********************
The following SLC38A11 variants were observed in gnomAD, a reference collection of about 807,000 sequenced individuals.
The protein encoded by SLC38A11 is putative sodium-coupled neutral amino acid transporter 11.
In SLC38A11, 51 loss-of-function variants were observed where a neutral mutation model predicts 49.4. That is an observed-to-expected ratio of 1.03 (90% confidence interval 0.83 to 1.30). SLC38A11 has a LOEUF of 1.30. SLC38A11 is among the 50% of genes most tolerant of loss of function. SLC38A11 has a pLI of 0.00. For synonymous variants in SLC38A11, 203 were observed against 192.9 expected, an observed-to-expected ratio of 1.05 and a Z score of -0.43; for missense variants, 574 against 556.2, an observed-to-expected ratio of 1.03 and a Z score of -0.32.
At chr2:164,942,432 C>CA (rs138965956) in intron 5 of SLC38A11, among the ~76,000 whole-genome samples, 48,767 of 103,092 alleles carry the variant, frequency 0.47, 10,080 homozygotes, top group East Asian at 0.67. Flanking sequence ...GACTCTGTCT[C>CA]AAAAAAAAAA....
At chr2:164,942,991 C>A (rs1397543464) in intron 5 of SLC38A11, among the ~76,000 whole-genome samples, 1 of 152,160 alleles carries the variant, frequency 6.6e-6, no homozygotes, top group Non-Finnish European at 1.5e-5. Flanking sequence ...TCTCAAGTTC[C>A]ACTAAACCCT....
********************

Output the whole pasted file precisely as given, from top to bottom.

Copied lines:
The following SLC38A11 variants were observed in gnomAD, a reference collection of about 807,000 sequenced individuals.
The protein encoded by SLC38A11 is putative sodium-coupled neutral amino acid transporter 11.
In SLC38A11, 51 loss-of-function variants were observed where a neutral mutation model predicts 49.4. That is an observed-to-expected ratio of 1.03 (90% confidence interval 0.83 to 1.30). SLC38A11 has a LOEUF of 1.30. SLC38A11 is among the 50% of genes most tolerant of loss of function. SLC38A11 has a pLI of 0.00. For synonymous variants in SLC38A11, 203 were observed against 192.9 expected, an observed-to-expected ratio of 1.05 and a Z score of -0.43; for missense variants, 574 against 556.2, an observed-to-expected ratio of 1.03 and a Z score of -0.32.
At chr2:164,942,432 C>CA (rs138965956) in intron 5 of SLC38A11, among the ~76,000 whole-genome samples, 48,767 of 103,092 alleles carry the variant, frequency 0.47, 10,080 homozygotes, top group East Asian at 0.67. Flanking sequence ...GACTCTGTCT[C>CA]AAAAAAAAAA....
At chr2:164,942,991 C>A (rs1397543464) in intron 5 of SLC38A11, among the ~76,000 whole-genome samples, 1 of 152,160 alleles carries the variant, frequency 6.6e-6, no homozygotes, top group Non-Finnish European at 1.5e-5. Flanking sequence ...TCTCAAGTTC[C>A]ACTAAACCCT....